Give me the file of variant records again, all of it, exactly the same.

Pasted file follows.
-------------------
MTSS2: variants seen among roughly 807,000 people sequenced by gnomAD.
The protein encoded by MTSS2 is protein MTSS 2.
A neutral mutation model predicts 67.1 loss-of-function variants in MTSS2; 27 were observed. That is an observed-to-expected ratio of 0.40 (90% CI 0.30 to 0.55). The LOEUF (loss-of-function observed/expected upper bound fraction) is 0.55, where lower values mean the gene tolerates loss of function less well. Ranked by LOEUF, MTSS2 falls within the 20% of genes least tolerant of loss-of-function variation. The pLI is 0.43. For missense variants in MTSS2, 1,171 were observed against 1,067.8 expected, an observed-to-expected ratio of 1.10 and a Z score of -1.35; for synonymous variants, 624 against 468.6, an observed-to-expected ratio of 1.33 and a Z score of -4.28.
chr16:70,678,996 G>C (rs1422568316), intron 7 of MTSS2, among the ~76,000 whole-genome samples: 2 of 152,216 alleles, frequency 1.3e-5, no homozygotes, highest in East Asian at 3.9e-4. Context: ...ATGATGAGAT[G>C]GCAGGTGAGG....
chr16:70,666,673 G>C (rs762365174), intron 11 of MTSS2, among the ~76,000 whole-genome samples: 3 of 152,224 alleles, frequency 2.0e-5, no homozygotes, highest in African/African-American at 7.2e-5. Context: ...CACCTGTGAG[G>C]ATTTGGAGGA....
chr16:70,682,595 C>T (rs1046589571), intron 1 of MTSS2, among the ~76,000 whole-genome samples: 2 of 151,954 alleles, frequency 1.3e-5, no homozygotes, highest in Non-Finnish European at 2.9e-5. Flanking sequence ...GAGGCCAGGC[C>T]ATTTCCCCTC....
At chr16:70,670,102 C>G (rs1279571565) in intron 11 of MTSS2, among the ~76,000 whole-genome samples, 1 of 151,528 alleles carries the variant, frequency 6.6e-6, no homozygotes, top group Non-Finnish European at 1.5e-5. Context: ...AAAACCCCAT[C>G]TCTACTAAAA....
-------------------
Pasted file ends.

MTSS2: variants seen among roughly 807,000 people sequenced by gnomAD.
The protein encoded by MTSS2 is protein MTSS 2.
A neutral mutation model predicts 67.1 loss-of-function variants in MTSS2; 27 were observed. That is an observed-to-expected ratio of 0.40 (90% CI 0.30 to 0.55). The LOEUF (loss-of-function observed/expected upper bound fraction) is 0.55, where lower values mean the gene tolerates loss of function less well. Ranked by LOEUF, MTSS2 falls within the 20% of genes least tolerant of loss-of-function variation. The pLI is 0.43. For missense variants in MTSS2, 1,171 were observed against 1,067.8 expected, an observed-to-expected ratio of 1.10 and a Z score of -1.35; for synonymous variants, 624 against 468.6, an observed-to-expected ratio of 1.33 and a Z score of -4.28.
chr16:70,678,996 G>C (rs1422568316), intron 7 of MTSS2, among the ~76,000 whole-genome samples: 2 of 152,216 alleles, frequency 1.3e-5, no homozygotes, highest in East Asian at 3.9e-4. Context: ...ATGATGAGAT[G>C]GCAGGTGAGG....
chr16:70,666,673 G>C (rs762365174), intron 11 of MTSS2, among the ~76,000 whole-genome samples: 3 of 152,224 alleles, frequency 2.0e-5, no homozygotes, highest in African/African-American at 7.2e-5. Context: ...CACCTGTGAG[G>C]ATTTGGAGGA....
chr16:70,682,595 C>T (rs1046589571), intron 1 of MTSS2, among the ~76,000 whole-genome samples: 2 of 151,954 alleles, frequency 1.3e-5, no homozygotes, highest in Non-Finnish European at 2.9e-5. Flanking sequence ...GAGGCCAGGC[C>T]ATTTCCCCTC....
At chr16:70,670,102 C>G (rs1279571565) in intron 11 of MTSS2, among the ~76,000 whole-genome samples, 1 of 151,528 alleles carries the variant, frequency 6.6e-6, no homozygotes, top group Non-Finnish European at 1.5e-5. Context: ...AAAACCCCAT[C>G]TCTACTAAAA....